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Interagency Collaborative on Nursing Statistics

D. Health Care Delivery System Terminology

  1. Acuity.  The measurement of the intensity of nursing care required for a patient.  An acuity-based staffing system regulates the number of nurses on a shift according to the patients’ needs and not according to raw patient numbers.  (Source:  American Association of Critical-Care Nurses)

  2. Average Daily Census.  Average number of people served on an inpatient basis on a single day during the reporting period. Calculated by dividing the total number of inpatient days by the number of days in the reporting period. (American Hospital Association)

  3. ​Nursing Hours Per Patient Day.  Nursing care hours per patient day refers to the number of nursing care hours relative to the patient workload.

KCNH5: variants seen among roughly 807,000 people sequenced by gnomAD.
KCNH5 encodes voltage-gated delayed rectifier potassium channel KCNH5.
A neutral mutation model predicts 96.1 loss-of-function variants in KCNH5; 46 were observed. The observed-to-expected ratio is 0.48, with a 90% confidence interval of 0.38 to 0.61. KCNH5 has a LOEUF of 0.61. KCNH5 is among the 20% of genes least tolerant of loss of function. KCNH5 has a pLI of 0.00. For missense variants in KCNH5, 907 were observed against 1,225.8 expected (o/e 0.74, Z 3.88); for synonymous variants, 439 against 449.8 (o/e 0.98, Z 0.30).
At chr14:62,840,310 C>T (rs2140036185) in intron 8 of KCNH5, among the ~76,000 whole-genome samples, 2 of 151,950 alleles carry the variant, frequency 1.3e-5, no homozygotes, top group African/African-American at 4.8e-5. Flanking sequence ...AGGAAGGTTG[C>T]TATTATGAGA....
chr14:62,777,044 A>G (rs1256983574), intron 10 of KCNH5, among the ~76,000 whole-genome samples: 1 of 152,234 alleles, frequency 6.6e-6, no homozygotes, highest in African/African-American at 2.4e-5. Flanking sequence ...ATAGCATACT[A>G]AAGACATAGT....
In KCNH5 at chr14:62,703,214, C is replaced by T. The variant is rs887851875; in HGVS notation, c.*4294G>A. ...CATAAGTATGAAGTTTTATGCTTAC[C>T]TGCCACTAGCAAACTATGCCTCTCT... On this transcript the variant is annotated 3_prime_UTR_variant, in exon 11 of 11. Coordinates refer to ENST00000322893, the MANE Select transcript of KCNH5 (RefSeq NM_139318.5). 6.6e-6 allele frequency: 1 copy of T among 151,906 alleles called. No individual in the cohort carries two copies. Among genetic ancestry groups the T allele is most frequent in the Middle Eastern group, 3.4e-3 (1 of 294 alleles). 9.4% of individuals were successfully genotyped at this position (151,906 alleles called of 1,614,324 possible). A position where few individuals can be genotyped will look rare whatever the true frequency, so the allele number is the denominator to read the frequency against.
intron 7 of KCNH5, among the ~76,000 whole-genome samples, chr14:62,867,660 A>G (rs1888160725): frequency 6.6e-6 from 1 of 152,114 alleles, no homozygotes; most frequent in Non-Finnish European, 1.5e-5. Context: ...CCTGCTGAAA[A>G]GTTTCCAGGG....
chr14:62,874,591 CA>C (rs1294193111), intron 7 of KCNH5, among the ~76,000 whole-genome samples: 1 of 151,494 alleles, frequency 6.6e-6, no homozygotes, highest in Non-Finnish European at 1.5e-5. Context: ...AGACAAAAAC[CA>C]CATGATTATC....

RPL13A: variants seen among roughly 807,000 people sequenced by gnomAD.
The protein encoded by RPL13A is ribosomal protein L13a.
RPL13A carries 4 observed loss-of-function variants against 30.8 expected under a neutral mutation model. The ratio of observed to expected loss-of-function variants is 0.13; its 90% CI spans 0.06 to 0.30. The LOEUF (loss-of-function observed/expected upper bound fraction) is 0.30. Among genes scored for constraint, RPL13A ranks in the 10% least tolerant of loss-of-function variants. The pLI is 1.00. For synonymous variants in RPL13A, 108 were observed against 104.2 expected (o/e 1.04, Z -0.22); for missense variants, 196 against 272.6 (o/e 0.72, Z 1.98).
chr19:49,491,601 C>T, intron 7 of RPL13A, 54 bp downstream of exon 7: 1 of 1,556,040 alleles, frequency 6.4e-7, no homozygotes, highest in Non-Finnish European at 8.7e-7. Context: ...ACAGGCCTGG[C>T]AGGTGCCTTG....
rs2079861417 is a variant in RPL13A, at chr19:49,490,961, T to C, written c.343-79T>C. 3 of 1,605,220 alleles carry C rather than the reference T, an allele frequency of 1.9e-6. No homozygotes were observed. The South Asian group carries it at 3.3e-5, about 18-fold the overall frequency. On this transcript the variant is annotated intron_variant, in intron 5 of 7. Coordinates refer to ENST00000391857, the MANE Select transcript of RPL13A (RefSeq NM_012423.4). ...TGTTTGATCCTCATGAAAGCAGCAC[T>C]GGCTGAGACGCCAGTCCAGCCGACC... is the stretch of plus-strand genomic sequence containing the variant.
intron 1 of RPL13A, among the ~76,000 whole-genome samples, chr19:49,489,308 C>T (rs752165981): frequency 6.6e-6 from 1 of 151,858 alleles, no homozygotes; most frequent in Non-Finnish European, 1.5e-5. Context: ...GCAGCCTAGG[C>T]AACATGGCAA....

4. Inpatient Day of Care.  Length of time between the census-taking hours on two successive calendar days for patients receiving care in an inpatient health care facility.

  5. ​Inpatient Days. The number of adult and pediatric days of care, excluding newborn days of care, rendered during the entire reporting period. (American Hospital Association)

  6. Length of Stay. The number of inpatient days the patient stays at the health care facility.

  7. Nursing Sensitive Indicators (Nursing Performance Measures).  Nursing sensitive indicators reflect the structure, process and outcomes of nursing care. The structure of nursing care is indicated by the supply of nursing staff, the skill level of the nursing staff, and the education/certification of nursing staff. Process indicators measure aspects of nursing care such as assessment, intervention, and RN job satisfaction. Patient outcomes that are determined to be nursing sensitive are those that improve if there is a greater quantity or quality of nursing care (e.g., pressure ulcers, falls, and intravenous infiltrations). Some patient outcomes are more highly related to other aspects of institutional care, such as medical decisions and institutional policies (e.g., frequency of primary C-sections, cardiac failure) and are not considered "nursing-sensitive". (Source: NDNQI)

Nurses, Nursing Education, and Nursing Workforce: Definitions *